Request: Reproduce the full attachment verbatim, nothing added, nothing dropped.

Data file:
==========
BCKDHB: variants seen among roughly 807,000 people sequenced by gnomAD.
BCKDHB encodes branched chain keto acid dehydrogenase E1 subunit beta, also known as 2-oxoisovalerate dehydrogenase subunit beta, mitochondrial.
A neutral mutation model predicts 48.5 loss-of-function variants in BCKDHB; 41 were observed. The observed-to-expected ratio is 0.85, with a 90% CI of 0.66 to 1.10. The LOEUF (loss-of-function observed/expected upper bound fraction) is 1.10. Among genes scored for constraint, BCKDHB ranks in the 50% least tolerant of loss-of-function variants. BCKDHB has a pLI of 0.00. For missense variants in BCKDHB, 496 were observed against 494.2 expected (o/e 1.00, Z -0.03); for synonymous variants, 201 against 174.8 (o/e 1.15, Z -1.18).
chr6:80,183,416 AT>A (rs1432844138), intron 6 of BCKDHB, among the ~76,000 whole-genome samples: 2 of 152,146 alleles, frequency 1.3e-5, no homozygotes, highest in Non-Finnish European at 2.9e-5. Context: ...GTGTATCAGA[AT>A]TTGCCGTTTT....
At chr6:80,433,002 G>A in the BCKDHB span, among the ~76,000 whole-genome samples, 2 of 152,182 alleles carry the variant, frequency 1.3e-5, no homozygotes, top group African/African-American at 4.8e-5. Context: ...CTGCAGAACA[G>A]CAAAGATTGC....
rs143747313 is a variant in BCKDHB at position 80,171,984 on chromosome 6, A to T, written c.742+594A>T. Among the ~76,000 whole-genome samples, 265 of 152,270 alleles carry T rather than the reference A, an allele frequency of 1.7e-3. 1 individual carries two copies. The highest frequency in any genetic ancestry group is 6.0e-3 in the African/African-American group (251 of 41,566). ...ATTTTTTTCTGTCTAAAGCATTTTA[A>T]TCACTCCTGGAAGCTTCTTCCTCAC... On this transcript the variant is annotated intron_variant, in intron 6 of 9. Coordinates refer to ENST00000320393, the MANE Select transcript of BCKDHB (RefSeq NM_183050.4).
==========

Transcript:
BCKDHB: variants seen among roughly 807,000 people sequenced by gnomAD.
BCKDHB encodes branched chain keto acid dehydrogenase E1 subunit beta, also known as 2-oxoisovalerate dehydrogenase subunit beta, mitochondrial.
A neutral mutation model predicts 48.5 loss-of-function variants in BCKDHB; 41 were observed. The observed-to-expected ratio is 0.85, with a 90% CI of 0.66 to 1.10. The LOEUF (loss-of-function observed/expected upper bound fraction) is 1.10. Among genes scored for constraint, BCKDHB ranks in the 50% least tolerant of loss-of-function variants. BCKDHB has a pLI of 0.00. For missense variants in BCKDHB, 496 were observed against 494.2 expected (o/e 1.00, Z -0.03); for synonymous variants, 201 against 174.8 (o/e 1.15, Z -1.18).
chr6:80,183,416 AT>A (rs1432844138), intron 6 of BCKDHB, among the ~76,000 whole-genome samples: 2 of 152,146 alleles, frequency 1.3e-5, no homozygotes, highest in Non-Finnish European at 2.9e-5. Context: ...GTGTATCAGA[AT>A]TTGCCGTTTT....
At chr6:80,433,002 G>A in the BCKDHB span, among the ~76,000 whole-genome samples, 2 of 152,182 alleles carry the variant, frequency 1.3e-5, no homozygotes, top group African/African-American at 4.8e-5. Context: ...CTGCAGAACA[G>A]CAAAGATTGC....
rs143747313 is a variant in BCKDHB at position 80,171,984 on chromosome 6, A to T, written c.742+594A>T. Among the ~76,000 whole-genome samples, 265 of 152,270 alleles carry T rather than the reference A, an allele frequency of 1.7e-3. 1 individual carries two copies. The highest frequency in any genetic ancestry group is 6.0e-3 in the African/African-American group (251 of 41,566). ...ATTTTTTTCTGTCTAAAGCATTTTA[A>T]TCACTCCTGGAAGCTTCTTCCTCAC... On this transcript the variant is annotated intron_variant, in intron 6 of 9. Coordinates refer to ENST00000320393, the MANE Select transcript of BCKDHB (RefSeq NM_183050.4).